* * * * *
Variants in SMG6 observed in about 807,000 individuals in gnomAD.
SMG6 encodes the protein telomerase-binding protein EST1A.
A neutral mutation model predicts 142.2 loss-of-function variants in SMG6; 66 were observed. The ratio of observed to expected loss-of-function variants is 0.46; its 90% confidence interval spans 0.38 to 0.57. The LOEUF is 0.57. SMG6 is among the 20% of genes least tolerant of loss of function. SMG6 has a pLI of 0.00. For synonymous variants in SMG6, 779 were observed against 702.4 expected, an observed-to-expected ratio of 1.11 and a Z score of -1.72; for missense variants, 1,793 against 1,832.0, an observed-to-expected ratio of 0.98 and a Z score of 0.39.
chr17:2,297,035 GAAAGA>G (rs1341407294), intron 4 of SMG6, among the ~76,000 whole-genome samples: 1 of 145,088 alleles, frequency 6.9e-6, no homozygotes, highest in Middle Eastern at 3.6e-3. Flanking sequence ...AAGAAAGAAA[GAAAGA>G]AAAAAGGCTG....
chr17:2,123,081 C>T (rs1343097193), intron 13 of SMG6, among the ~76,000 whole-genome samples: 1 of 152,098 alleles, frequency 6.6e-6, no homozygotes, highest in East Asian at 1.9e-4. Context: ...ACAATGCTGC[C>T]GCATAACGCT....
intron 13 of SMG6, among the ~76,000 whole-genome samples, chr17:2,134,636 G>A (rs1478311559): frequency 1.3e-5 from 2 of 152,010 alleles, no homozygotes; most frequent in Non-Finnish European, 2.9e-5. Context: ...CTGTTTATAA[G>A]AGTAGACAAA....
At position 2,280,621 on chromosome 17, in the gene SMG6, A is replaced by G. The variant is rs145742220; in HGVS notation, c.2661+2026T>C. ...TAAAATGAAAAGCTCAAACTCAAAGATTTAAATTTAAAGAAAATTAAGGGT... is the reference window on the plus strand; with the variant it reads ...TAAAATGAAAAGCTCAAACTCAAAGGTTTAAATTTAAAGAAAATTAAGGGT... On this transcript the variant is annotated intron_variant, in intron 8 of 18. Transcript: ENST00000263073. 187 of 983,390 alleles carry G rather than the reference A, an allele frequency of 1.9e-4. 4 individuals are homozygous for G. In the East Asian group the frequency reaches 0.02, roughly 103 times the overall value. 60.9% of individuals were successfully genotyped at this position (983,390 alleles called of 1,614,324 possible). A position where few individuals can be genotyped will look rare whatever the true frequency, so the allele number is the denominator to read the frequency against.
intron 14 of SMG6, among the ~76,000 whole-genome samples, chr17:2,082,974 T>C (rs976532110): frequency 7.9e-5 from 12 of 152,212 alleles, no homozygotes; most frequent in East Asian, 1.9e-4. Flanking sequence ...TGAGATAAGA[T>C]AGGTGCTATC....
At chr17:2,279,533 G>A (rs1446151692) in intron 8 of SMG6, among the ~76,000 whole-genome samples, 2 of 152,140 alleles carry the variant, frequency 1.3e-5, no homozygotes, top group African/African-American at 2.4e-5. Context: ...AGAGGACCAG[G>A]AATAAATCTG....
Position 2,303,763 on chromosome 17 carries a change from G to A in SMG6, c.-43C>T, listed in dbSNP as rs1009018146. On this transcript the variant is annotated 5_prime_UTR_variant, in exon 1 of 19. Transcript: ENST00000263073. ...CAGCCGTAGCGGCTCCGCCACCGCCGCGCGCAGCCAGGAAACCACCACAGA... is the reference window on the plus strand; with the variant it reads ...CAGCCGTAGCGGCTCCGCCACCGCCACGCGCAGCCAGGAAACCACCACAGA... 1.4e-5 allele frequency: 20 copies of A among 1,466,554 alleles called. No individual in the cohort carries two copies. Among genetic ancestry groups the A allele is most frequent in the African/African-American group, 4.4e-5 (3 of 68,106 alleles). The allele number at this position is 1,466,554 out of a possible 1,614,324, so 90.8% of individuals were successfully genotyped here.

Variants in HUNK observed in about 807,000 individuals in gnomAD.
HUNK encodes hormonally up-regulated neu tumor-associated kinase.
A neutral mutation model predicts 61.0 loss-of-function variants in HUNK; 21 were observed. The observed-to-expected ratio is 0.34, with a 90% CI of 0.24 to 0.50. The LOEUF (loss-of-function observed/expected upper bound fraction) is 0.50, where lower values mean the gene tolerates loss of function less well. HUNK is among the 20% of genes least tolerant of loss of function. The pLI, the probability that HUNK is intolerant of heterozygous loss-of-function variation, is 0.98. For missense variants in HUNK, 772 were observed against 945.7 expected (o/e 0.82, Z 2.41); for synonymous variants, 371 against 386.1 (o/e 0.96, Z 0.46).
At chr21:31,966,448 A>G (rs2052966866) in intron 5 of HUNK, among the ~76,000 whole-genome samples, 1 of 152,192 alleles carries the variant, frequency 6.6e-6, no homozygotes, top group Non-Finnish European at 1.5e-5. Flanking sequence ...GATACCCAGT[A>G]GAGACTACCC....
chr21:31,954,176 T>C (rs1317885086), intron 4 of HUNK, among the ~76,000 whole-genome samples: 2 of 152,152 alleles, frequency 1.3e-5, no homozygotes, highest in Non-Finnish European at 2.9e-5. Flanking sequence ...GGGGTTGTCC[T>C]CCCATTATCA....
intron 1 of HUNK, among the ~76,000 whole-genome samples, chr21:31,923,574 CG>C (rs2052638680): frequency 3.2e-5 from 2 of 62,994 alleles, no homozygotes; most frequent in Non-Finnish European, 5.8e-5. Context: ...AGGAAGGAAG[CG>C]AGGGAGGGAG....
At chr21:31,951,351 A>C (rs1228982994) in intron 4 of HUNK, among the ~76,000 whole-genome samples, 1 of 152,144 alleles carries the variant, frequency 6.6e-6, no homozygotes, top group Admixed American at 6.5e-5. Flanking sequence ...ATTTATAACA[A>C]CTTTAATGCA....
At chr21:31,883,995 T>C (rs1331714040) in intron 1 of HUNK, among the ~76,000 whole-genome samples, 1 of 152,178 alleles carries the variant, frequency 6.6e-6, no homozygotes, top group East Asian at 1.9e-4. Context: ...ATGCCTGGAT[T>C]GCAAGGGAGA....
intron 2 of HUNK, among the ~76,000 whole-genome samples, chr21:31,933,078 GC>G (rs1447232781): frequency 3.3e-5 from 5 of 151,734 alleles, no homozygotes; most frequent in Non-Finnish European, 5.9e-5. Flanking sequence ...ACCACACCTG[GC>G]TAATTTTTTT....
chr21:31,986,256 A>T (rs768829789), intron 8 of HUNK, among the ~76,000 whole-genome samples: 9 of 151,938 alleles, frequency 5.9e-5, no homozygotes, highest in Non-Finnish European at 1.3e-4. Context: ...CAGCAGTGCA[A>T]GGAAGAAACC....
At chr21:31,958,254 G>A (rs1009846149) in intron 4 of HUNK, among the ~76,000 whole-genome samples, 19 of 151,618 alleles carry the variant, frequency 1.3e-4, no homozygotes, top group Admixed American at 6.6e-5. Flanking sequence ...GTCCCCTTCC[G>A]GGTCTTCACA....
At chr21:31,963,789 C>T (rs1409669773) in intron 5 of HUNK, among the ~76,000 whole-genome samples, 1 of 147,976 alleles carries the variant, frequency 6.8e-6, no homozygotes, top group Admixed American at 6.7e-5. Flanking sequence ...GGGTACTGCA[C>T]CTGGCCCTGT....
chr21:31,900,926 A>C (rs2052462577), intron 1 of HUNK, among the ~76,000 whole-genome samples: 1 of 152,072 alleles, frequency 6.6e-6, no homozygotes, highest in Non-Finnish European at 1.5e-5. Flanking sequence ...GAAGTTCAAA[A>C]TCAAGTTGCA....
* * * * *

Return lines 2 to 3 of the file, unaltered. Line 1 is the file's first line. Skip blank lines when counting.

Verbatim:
SMG6 encodes the protein telomerase-binding protein EST1A.
A neutral mutation model predicts 142.2 loss-of-function variants in SMG6; 66 were observed. The ratio of observed to expected loss-of-function variants is 0.46; its 90% confidence interval spans 0.38 to 0.57. The LOEUF is 0.57. SMG6 is among the 20% of genes least tolerant of loss of function. SMG6 has a pLI of 0.00. For synonymous variants in SMG6, 779 were observed against 702.4 expected, an observed-to-expected ratio of 1.11 and a Z score of -1.72; for missense variants, 1,793 against 1,832.0, an observed-to-expected ratio of 0.98 and a Z score of 0.39.